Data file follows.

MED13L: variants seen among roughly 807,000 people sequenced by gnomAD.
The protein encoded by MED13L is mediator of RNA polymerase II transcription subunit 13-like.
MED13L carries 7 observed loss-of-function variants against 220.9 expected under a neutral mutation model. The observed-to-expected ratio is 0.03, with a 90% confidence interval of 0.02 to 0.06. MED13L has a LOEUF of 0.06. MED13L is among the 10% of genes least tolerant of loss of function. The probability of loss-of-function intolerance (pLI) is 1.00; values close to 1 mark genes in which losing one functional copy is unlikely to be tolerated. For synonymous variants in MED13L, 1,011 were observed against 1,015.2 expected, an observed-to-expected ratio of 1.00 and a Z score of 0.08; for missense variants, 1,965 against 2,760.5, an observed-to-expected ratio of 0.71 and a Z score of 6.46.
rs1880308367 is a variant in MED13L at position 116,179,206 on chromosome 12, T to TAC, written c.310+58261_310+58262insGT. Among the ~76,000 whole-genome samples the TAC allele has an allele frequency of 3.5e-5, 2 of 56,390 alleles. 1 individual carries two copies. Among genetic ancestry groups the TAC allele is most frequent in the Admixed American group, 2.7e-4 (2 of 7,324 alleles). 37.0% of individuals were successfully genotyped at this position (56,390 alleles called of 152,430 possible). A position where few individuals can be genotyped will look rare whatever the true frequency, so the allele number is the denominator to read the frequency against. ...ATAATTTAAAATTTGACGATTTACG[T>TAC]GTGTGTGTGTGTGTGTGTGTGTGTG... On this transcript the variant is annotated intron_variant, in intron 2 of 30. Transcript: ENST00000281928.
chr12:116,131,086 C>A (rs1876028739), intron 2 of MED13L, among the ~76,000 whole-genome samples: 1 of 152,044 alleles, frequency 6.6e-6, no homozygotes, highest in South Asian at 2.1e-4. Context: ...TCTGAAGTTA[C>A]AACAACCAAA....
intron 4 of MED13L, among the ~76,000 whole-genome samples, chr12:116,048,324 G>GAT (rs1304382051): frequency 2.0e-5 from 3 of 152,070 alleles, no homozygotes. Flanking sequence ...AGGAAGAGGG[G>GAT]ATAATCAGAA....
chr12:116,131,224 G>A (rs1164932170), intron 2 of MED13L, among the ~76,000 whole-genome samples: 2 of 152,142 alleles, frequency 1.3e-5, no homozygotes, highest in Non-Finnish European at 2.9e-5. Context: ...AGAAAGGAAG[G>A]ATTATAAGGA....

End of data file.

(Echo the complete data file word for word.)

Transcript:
MED13L: variants seen among roughly 807,000 people sequenced by gnomAD.
The protein encoded by MED13L is mediator of RNA polymerase II transcription subunit 13-like.
MED13L carries 7 observed loss-of-function variants against 220.9 expected under a neutral mutation model. The observed-to-expected ratio is 0.03, with a 90% confidence interval of 0.02 to 0.06. MED13L has a LOEUF of 0.06. MED13L is among the 10% of genes least tolerant of loss of function. The probability of loss-of-function intolerance (pLI) is 1.00; values close to 1 mark genes in which losing one functional copy is unlikely to be tolerated. For synonymous variants in MED13L, 1,011 were observed against 1,015.2 expected, an observed-to-expected ratio of 1.00 and a Z score of 0.08; for missense variants, 1,965 against 2,760.5, an observed-to-expected ratio of 0.71 and a Z score of 6.46.
rs1880308367 is a variant in MED13L at position 116,179,206 on chromosome 12, T to TAC, written c.310+58261_310+58262insGT. Among the ~76,000 whole-genome samples the TAC allele has an allele frequency of 3.5e-5, 2 of 56,390 alleles. 1 individual carries two copies. Among genetic ancestry groups the TAC allele is most frequent in the Admixed American group, 2.7e-4 (2 of 7,324 alleles). 37.0% of individuals were successfully genotyped at this position (56,390 alleles called of 152,430 possible). A position where few individuals can be genotyped will look rare whatever the true frequency, so the allele number is the denominator to read the frequency against. ...ATAATTTAAAATTTGACGATTTACG[T>TAC]GTGTGTGTGTGTGTGTGTGTGTGTG... On this transcript the variant is annotated intron_variant, in intron 2 of 30. Transcript: ENST00000281928.
chr12:116,131,086 C>A (rs1876028739), intron 2 of MED13L, among the ~76,000 whole-genome samples: 1 of 152,044 alleles, frequency 6.6e-6, no homozygotes, highest in South Asian at 2.1e-4. Context: ...TCTGAAGTTA[C>A]AACAACCAAA....
intron 4 of MED13L, among the ~76,000 whole-genome samples, chr12:116,048,324 G>GAT (rs1304382051): frequency 2.0e-5 from 3 of 152,070 alleles, no homozygotes. Flanking sequence ...AGGAAGAGGG[G>GAT]ATAATCAGAA....
chr12:116,131,224 G>A (rs1164932170), intron 2 of MED13L, among the ~76,000 whole-genome samples: 2 of 152,142 alleles, frequency 1.3e-5, no homozygotes, highest in Non-Finnish European at 2.9e-5. Context: ...AGAAAGGAAG[G>A]ATTATAAGGA....